The path to purchase is often filled with tidbits of interesting information which, if used correctly, can help the Digital Retailing platform(DR) tailor a personalized journey that can be unique for each dealership. The end goal of any Digital Retailing platform is to increase the conversion rates from the dealership website. If we follow the trail from the touch points to see what path a customer took to conversion it can provide some really interesting insights to the digital team.
- How did users actually decide to click on the “Digital Retailing ”option?
- Did they follow the path of display cues or click through directly from the VDP or VLP or did they just go straight from a Google Ad display ?
- Did they look at multiple available rebates and then narrow down their choice to a specific VIN before making the final choice?
To understand more on the breadcrumbs used across different industries, let us make a quick comparison between a popular travel portal and a typical dealer portal.
No prizes for guessing which one is better suited for enabling e-Commerce through effective use of visual bread crumbs.
Take a look at some of the key elements in the travel portal on the left and how they address some of the customer behavioral elements.
- Introducing scarcity and urgency to popular items.
eg : 21 people booked the property in last 24 hours.
- Recommending items with special payments and incentives.
eg : Your member price , 46% off
- Bubbling up product items that are not getting enough visits.
eg: Breakfast included, More Positive reviews
The travel portal on the left introduces these elements very subtly and catches the user’s attention and makes the customer follow a possible click stream path. We can just replace the properties in the listing with VINs from the inventory to get a rough idea of how the dealership website can be changed. When we think about enabling e-commerce/ digital retailing from the dealership website we cannot overlook the other critical features that need to come in as part of that.
Let us take a look at some of the technologies that are needed to power these features in Digital Retailing.
During a store visit, a savvy salesperson can recognize a customer’s tastes and take on board their description of what they’re hoping to find, then lead them towards a selection of the vehicle that they might buy. This is one area where personal recommendations can have a significant impact on a customer’s choice. Let us take Amazon as an example, where we can see the power of product recommendations in full use. Amazon uses deep learning-generated recommendations at almost every step of the on-site journey — on category pages, product pages and even on the checkout page.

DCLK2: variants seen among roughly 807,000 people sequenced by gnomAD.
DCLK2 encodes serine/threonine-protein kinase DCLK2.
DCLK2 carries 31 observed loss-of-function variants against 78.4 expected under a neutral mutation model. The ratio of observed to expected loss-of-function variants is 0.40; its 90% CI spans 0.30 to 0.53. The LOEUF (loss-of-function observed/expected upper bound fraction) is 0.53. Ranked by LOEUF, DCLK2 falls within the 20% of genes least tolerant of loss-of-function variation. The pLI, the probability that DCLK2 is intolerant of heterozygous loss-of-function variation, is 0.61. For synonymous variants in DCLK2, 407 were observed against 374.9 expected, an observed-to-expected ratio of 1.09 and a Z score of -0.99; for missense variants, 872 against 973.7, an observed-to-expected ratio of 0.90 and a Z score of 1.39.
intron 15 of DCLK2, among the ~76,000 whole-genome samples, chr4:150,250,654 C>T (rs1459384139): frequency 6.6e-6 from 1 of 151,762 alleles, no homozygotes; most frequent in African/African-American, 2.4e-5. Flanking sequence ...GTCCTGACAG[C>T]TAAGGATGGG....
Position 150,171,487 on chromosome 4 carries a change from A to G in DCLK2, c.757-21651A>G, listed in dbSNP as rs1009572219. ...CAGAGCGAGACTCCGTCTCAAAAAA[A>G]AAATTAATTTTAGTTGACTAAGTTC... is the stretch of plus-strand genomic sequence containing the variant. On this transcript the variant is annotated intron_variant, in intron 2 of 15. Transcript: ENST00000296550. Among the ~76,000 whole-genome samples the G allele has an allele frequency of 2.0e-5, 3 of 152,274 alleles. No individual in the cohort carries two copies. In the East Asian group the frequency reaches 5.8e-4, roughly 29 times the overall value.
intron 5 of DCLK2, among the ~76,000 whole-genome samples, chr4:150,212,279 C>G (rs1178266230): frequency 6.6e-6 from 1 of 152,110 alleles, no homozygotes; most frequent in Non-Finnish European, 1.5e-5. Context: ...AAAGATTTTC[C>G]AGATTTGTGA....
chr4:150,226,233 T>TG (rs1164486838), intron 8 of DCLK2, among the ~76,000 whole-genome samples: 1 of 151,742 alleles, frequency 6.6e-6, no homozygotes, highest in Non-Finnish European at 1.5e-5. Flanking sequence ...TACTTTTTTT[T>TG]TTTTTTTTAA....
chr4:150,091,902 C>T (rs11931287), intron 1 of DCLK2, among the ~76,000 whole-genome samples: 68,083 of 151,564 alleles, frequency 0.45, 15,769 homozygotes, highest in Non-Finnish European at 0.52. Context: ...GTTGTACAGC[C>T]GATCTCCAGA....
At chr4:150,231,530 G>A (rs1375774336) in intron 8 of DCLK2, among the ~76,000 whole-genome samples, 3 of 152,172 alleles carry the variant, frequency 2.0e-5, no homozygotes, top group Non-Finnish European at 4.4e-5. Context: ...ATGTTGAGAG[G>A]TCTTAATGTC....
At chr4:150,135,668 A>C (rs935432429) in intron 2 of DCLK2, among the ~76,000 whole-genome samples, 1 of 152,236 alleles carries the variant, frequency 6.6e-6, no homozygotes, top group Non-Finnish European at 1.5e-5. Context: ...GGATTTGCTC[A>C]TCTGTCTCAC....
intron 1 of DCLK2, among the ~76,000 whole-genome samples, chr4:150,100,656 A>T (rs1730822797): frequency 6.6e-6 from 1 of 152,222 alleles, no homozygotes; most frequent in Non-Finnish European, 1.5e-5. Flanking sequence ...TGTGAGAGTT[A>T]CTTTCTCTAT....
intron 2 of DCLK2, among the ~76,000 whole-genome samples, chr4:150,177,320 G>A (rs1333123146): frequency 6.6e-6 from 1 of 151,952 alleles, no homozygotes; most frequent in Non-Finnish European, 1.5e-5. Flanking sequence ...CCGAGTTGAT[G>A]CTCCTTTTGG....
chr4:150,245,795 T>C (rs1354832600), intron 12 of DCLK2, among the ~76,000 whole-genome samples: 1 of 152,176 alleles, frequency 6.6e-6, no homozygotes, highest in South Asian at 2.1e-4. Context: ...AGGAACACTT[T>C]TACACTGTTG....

“On some pages, it’s estimated that over 70% of Amazon screen real estate is given over to recommendations. But it’s a tactic that pays off, as product recommendations drive 33% of the retailer’s revenue. And a third of Amazon’s revenue is a pretty big deal.”
Now comes the big question, What if Amazon start selling cars and start eating my lunch? Till the time it is a What-if question, we have tools to provide our dealership customers with an Amazon like experience through our Digital Retailing Platform.
Digital retailing allows the dealership to promote right add-ons at just the right time when you know a potential customer is already showing strong buyer intent. We can focus recommendations on just the right places where they will have the biggest impact, whether that be in a follow-up email to re-engage a previous visitor, or on the checkout page when the customer already has made their choice and ready to proceed.